No photography, no actors, no scenery, no cameras, no musicians, no production company…just me and a keyboard. Text to video is in its infancy but text to image gets better by the week, literally. When I started playing around with some of these programs a few months ago I was pretty impressed, but there was nothing like the level of texture and detail you can achieve now.

I’ve spent my entire working life in the creative industry. My memory is hazy at the best of times but I do know that a good few years of my professional life was pre-computer. It was all cutting boards, scalpels, Letraset and spray mount. Computers landed at the end of the eighties and suddenly we could produce instant designs without the need to stay up all night slicing letters out of Pantone film. All those years ago the threat was that computers would take our jobs and we’d end up packing bags at the Tesco checkout. Thankfully, Tesco never had to deal with an influx of entitled designers from Soho.

But the arrival of AI is sure to change everything: these creative tools are beyond anything we’ve ever imagined. And remember, it’s only week one. I’ve already been challenged by designers who say, ‘Yeah, but the copyright’ or ‘Yeah, but there’s no soul’. I just smile knowingly at the smell of clever people pooping themselves.

Sure, the hands can go a bit weird and the eyes wobble like a demented rattlesnake, but how many weeks will it be before they fix that? Basically folks, content is now free. No need to fret over finding the right actor or model. AI will fill the role instantly with a perfect, racially non-specific person without the need for any agency, fees or royalties.

And Suno will write you a nice little ditty as the background music. No need for any grumpy old failed rock star to feign interest in your ‘exciting new product’ as he takes the brief for another ‘something upbeat with a catchy refrain’.

So. Will AI take all our jobs and ultimately destroy the planet? Quite probably. But seriously, I won’t get into all that here. Maybe next time. In the meantime, can I suggest we loosen up and enjoy these fantastic new creative tools. After all, as Spaceboy says, ‘life is an adventure’.

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  Howard Saunders   May 17, 2024   Uncategorized   0 Comment   Read More


About twenty years ago roadworks at a roundabout in my hometown forced traffic to drive anti-clockwise around it for a few days. Everything was clearly signed and managed so although it felt a bit weird, actually it was all very straightforward. Now, maybe I’ve got some mental health issues but I swear every time I use that roundabout, to this very day, I have to think twice about which way round I should go. My point is that seemingly insignificant disruptions in our daily routines can have a long, long lasting effect.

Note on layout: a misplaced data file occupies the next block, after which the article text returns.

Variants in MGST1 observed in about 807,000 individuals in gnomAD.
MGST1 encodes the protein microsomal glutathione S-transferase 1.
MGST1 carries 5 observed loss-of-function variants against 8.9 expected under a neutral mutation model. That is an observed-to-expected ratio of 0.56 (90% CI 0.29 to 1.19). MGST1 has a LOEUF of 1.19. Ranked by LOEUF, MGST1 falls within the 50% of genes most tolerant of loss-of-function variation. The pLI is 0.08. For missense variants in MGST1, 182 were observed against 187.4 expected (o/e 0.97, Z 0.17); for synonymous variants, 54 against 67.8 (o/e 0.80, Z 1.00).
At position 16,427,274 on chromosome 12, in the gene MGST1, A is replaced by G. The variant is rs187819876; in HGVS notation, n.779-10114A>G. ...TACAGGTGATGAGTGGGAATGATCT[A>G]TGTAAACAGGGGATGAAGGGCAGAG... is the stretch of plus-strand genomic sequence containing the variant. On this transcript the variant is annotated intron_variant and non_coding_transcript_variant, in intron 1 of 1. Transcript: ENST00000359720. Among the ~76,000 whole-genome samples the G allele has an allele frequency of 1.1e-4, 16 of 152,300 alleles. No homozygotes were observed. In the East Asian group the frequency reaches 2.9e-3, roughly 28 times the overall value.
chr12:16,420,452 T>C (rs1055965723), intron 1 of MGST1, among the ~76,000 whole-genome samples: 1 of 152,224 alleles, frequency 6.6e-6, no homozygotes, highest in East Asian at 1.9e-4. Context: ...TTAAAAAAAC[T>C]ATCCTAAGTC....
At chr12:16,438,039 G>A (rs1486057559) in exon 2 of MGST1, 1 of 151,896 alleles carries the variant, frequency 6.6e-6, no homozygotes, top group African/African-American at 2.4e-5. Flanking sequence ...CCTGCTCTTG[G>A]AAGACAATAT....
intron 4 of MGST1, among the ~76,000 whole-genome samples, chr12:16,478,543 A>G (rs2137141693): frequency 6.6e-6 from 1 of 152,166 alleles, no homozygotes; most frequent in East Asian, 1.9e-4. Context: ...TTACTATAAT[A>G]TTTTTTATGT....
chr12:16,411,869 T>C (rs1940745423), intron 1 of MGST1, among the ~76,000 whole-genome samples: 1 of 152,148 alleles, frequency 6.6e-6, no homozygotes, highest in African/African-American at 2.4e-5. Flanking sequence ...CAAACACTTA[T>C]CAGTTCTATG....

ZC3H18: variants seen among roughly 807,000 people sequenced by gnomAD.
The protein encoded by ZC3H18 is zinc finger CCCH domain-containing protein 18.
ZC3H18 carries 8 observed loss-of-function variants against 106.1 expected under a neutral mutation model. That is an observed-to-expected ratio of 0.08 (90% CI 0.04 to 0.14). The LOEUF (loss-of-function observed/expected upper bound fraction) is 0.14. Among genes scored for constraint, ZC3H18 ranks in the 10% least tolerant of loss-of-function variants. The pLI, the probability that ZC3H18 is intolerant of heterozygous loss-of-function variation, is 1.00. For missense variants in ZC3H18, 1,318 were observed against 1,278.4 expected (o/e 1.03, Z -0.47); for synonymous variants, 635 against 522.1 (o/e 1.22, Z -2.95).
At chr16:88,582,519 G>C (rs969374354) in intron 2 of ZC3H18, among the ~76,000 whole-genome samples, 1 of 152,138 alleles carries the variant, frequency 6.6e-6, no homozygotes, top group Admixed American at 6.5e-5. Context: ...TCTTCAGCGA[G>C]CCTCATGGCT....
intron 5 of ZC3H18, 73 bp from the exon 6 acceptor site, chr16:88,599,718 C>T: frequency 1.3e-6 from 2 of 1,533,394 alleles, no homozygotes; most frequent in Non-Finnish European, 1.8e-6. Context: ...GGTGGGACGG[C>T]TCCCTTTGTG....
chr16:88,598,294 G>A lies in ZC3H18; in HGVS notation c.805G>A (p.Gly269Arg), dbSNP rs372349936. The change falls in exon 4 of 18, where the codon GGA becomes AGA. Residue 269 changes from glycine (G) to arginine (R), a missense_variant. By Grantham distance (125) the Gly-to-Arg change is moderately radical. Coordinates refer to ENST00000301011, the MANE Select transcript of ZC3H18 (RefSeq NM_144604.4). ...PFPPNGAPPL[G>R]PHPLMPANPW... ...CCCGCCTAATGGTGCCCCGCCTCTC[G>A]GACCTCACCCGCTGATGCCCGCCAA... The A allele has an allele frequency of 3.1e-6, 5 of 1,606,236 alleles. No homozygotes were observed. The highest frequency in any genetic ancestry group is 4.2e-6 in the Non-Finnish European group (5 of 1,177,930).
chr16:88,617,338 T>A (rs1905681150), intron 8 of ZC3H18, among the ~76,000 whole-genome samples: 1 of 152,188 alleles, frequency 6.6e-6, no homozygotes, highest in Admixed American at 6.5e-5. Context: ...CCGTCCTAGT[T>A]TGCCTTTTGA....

Is it any wonder then, that having forced people to stay in their homes, on and off for two years whilst paying them from the public purse for the occasional Zoom call, has created a culture of malaise. The western world has surely succumbed to a brain virus that whispers ‘why bother?’ at the very prospect of commuting back to the office. 

Normally experiments are conducted with a handful of guinea pigs, the results then extrapolated across the entire population. The WFH experiment, by contrast, was conducted the other way around by locking down the entire population of planet Earth and then waiting to see the effects. Well, the results are in and few could argue there’s been a rush to peak productivity. On the contrary, productivity has slumped since we were all taught how little our personal contribution makes to the economy, or even our own personal wealth for that matter, and is crawling along on its knees at levels much lower than pre 2008. Clearly, a kind of entitled malaise has seeped its way through our veins and up into our brains: an opiate that has turned us into rudderless drones for whom work is little more than an irritant that interferes with our busy lives on social media.

At a conference recently I listened to a high profile architect explain how personality and DNA tests could help sculpt the working environment of the future by adapting the room temperature, the colour of the walls, the lighting and the type of office plants for each employee’s individual requirements. My response was a tiny puke at the back of my throat. The thought that this level of corporate pampering and pandering is the future of work can only be a red flag for managed decline. Of course the working environment should be comfortable, but when mollycoddling culture gets to the point we have to bring in aspidistras for the new intern perhaps the pendulum has swung a little too far.

More to the point, have you noticed how the super-nice guy who makes a beeline for you on your first day always turns out to be the Judas? Interior design is just the same. Virtue signalling brands with bouncy castles in reception are often the most toxic places to work. (Ask anyone who works at Google). Colourful, cuddly receptions are sure to be hiding something deeply sinister, I reckon.